The funeral of D.P. Sprague was attended from his late residence Thursday afternoon. His oldest daughter, Miss Ellen M. Sprague arrived from Chicago in time for the funeral, but his youngest daughter Mrs. Mary Pardo, of Toronto, Canada was unable to come on account of the sickness of one of her children.
At the annual meeting of the 1st Ecclesiastical society, Messrs, E.P. Skinner, Walter Abbey, and C.L. Backus, were chosen society committee.
Mr. E.D. White has been drawn as a juror at the coming term of the superior court at Tolland.
Mr. R.E. Bishop has moved his family to Manchester where he holds the position of baggage master for the N.Y. & N.E.R.R.
A meeting of our farmers will probably be held soon to consider the subject of starting a creamery.

TWC Wed Apr. 4, 1883: Liberty Hill.
Ex-Sheriff Cummings gave a turkey dinner to a few of his friends on Thursday last. It was a success.
‘Gene and Kiah’s broom factory having recently been remodeled and converted into a dwelling, has been rented by Mr. Charles Wormsley the veteran restauranteur.
George Peckham, who has built more rods of stone wall than any 5 men in town, will occupy for the ensuing year a house owned by N.B. Loomis Esq., situated on the road leading from this village to Tobacco street.

TWC Wed Apr. 4, 1883: Columbia.
The traveling on the turnpike between Columbia and Hebron is rarely ever worse than this spring and in other sections heavily loaded teams with railroad ties, lumber and logs do not improve the highways.
A quilting bee at S.F. Ticknor’s on Wednesday p.m. composed of Miss Olive’s friends and as the hospitality of the house is noted and the housekeeper’s cooking also we know had a fine time.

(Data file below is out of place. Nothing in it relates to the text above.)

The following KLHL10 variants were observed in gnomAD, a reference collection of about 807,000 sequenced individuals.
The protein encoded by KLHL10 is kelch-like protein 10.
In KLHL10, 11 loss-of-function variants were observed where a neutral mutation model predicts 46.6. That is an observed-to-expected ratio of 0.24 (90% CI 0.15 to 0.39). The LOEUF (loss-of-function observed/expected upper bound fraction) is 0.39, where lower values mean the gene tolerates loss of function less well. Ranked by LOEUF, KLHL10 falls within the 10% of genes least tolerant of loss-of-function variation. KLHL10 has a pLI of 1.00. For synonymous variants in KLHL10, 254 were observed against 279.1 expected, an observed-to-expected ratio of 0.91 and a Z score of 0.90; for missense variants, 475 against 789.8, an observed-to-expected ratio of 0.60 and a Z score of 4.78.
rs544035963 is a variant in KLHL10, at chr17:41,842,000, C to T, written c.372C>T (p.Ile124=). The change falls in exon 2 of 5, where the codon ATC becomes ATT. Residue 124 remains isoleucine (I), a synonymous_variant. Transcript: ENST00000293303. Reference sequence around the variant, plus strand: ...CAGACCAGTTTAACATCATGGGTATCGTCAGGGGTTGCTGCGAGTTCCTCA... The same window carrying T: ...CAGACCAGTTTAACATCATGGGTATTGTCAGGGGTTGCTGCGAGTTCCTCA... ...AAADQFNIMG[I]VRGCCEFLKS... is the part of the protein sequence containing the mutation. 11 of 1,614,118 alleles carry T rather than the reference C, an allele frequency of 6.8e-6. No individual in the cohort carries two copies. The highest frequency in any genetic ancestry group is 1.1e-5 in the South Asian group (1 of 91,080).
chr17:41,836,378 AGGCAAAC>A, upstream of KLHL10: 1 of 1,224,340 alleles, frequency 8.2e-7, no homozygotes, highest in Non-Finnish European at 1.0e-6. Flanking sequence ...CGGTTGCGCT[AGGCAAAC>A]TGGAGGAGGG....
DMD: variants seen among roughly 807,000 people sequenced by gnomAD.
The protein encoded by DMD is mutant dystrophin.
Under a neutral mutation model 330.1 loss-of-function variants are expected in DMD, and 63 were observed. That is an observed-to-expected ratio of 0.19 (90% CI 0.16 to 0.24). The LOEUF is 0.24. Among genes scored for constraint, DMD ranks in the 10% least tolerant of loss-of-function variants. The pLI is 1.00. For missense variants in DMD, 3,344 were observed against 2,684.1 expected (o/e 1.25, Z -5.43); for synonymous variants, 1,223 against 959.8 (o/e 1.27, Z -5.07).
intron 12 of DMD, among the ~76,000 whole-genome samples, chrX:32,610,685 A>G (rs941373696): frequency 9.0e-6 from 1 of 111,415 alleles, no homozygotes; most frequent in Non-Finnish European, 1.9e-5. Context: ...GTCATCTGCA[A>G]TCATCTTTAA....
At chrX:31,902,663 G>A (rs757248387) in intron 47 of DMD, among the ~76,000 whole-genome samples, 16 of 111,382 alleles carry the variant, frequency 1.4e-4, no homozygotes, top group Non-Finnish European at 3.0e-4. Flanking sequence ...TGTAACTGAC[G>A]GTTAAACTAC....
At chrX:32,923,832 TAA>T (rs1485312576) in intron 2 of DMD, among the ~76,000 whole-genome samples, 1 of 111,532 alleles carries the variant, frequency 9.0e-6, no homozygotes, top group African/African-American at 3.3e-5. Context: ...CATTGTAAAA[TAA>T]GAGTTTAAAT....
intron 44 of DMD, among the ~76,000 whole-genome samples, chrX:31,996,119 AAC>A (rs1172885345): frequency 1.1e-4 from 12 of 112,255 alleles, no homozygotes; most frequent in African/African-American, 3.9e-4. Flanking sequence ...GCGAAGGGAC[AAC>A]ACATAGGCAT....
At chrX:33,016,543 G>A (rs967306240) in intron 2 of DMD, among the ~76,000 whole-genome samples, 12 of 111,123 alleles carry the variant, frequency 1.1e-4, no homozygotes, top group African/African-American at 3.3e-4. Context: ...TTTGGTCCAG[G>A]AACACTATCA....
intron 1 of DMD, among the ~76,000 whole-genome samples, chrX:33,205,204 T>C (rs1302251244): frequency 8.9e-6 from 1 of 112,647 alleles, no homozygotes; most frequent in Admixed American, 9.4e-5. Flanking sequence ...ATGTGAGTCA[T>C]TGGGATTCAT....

Mrs. Harris returned to Woonsocket Saturday after spending a few days with Mrs. H.E. Lyman also Hiram Harris of the same place on Monday who had also been a guest of his sister.
Sam Snow moved last week into the tenement house owned by Marshall Holbrook.
Leverett Watrous spent a few days in Meriden last week and Herbert Watrous of Meriden was in town at his father’s suffering from a severe cold and general debility.
W.H. and H.W. Yeomans returned from New York on Thursday.
The Boughton farm formerly owned by the late Augustus Post has been sold to Dr. Cobb, of Troy, N.Y., and the occupants are patiently awaiting the coming of the purchaser who has been expected for the last month.
Miss Alice Rogers of Albion, N.Y., has been visiting friends in town during her vacation and will resume this week her studies at Mt. Holyoke institute.

TWC Wed Apr. 4, 1883: Tolland.
Mrs. J.E. Wilson who has been suffering from a severe cold for the past few days is slowly recovering.
Miss Mary Benton will teach in district No. 12 the coming spring term.
A.L. Edgarton has removed to the Harper place which he has recently purchased.
Alvah Rounds will take Mr. Frank Kimball’s place on shares for the coming year.
The Baptist “Gleaners” meet Wednesday evening at the home of Dr. William Clark in Tolland street.